This rambling, vulgar memoir has received heaps of kudos. I'm hard-pressed to understand why. I found "Keef" remote, superior, and amoral. He has spent the better part of his adult life whacked out on drugs, banging any number of "bitches," neglecting his children, dissing his friends, dodging taxes- and treating it all like one giant frat-boy prank. I suppose his distance in describing the band's impact on rock and roll in the 60s and 70s is due to his inability to remember much of it. His guard comes down only when he is speaking about music (I hesitate to use the word "write" as I doubt he engaged in much writing; this read like one long ramble into a Dictaphone). Richards's musical genius is not in question, nor do I like the Stones any less (or any more, really- I'm not that big a fan- just big into 70s nostalgia).
"Life" was an entertaining read if I stepped outside of reality and pretended that this was a Tom Wolfe hyperbolic treatment of an imagined rock star. When I reminded myself that this was a real human being who was able to buy a life of debauchery and face few consequences, it just made me sad. It also made me reconsider the poignancy and honesty of Eric Clapton's 2009 memoir, and appreciate it all the more. Richards is the better storyteller, but Clapton is the better man.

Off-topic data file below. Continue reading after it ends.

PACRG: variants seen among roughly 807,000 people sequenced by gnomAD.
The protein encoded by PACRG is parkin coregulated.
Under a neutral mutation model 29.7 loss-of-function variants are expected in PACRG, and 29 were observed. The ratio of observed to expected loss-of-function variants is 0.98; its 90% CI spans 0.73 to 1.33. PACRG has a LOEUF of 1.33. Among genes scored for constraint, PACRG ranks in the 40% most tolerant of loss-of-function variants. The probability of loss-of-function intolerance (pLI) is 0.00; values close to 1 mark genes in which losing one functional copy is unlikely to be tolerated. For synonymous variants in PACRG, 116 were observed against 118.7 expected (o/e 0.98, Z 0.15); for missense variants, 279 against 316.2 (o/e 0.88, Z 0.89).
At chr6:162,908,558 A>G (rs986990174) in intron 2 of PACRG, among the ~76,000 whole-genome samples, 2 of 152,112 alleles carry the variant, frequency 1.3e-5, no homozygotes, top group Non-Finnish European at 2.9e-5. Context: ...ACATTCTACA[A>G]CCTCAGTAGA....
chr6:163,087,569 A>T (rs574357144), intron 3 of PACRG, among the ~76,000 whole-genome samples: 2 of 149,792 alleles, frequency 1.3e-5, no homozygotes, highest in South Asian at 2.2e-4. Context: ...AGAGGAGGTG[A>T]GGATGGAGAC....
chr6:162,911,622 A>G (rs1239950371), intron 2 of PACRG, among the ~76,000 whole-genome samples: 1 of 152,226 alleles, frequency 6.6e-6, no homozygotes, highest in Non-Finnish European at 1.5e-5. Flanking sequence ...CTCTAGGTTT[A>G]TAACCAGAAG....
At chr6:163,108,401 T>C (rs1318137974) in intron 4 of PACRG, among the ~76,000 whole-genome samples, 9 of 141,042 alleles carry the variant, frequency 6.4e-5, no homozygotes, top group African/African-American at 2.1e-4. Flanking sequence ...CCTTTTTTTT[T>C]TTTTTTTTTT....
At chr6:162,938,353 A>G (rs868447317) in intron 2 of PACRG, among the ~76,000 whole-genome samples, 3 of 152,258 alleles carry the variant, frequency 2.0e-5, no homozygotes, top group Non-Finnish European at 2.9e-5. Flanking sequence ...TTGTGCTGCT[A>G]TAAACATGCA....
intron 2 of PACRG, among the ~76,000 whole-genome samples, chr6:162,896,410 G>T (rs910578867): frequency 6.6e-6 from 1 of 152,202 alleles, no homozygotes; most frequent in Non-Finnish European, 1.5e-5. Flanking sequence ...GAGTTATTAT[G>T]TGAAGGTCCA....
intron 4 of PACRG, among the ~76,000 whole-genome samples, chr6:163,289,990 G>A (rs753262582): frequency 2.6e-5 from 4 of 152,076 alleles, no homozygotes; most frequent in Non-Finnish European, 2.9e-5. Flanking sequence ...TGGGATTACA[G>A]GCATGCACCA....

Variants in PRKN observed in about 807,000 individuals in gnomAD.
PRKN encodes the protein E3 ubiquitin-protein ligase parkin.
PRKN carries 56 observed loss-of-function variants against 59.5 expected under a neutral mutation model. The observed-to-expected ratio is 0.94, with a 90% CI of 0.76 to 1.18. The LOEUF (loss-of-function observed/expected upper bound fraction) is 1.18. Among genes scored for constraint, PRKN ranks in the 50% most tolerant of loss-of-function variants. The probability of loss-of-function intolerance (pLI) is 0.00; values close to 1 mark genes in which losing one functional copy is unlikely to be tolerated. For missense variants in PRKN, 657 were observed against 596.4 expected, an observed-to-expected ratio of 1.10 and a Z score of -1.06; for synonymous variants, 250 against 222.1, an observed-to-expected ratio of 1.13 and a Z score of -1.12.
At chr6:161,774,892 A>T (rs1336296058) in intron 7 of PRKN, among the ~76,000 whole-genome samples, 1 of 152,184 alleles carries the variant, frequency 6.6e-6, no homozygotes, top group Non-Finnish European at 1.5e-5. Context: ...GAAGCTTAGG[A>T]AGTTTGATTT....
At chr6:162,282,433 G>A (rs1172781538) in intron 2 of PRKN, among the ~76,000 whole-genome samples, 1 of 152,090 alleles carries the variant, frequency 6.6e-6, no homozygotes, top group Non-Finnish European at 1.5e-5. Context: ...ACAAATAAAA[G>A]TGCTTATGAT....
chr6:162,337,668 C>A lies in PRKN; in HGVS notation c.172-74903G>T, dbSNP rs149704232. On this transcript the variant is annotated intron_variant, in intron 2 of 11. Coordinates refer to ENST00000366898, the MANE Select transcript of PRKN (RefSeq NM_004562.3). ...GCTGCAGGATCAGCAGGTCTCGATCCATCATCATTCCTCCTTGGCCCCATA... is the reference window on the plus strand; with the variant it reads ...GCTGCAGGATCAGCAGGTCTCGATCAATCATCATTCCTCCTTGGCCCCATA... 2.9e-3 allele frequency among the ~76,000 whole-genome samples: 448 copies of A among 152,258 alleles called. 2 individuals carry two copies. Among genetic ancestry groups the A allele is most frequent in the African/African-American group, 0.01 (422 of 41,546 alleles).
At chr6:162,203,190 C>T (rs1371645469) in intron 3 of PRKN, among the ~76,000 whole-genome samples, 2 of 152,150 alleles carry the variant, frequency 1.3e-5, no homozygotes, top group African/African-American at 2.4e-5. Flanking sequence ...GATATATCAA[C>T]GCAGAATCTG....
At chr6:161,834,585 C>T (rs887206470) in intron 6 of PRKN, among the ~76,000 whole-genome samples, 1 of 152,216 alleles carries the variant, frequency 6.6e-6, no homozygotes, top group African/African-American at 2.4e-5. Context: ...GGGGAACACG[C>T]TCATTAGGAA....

The title of Richards's memoir should be "Life: Wasted"
Postscript to Goodreads review: Sheesh, I was pretty harsh wasn't I? Read the "final" 3/4 of this on Wednesday, when I was hungover from Adavan and Percoset- I hated the thought and feeling of that crap in my system and wondered with revulsion how anyone could embrace drugs with such gusto.
This late 2010 Fresh Air with Terri Gross interview is worth a listen. Fresh Air: Interview with Keith Richards A rebroadcast was on my ipod, which I listened to the day after I finished "Life." The insight into music and creative process, as Maria notes in my review comments, is fascinating. Also v. interesting to listen to him backpedal on his criticism of Mick- it's pretty harsh in the book and delves into the cheap and petty (the size of Mick's dick, really?).
I know, it's only rock-n-roll, and I like (most of) it, yes I do...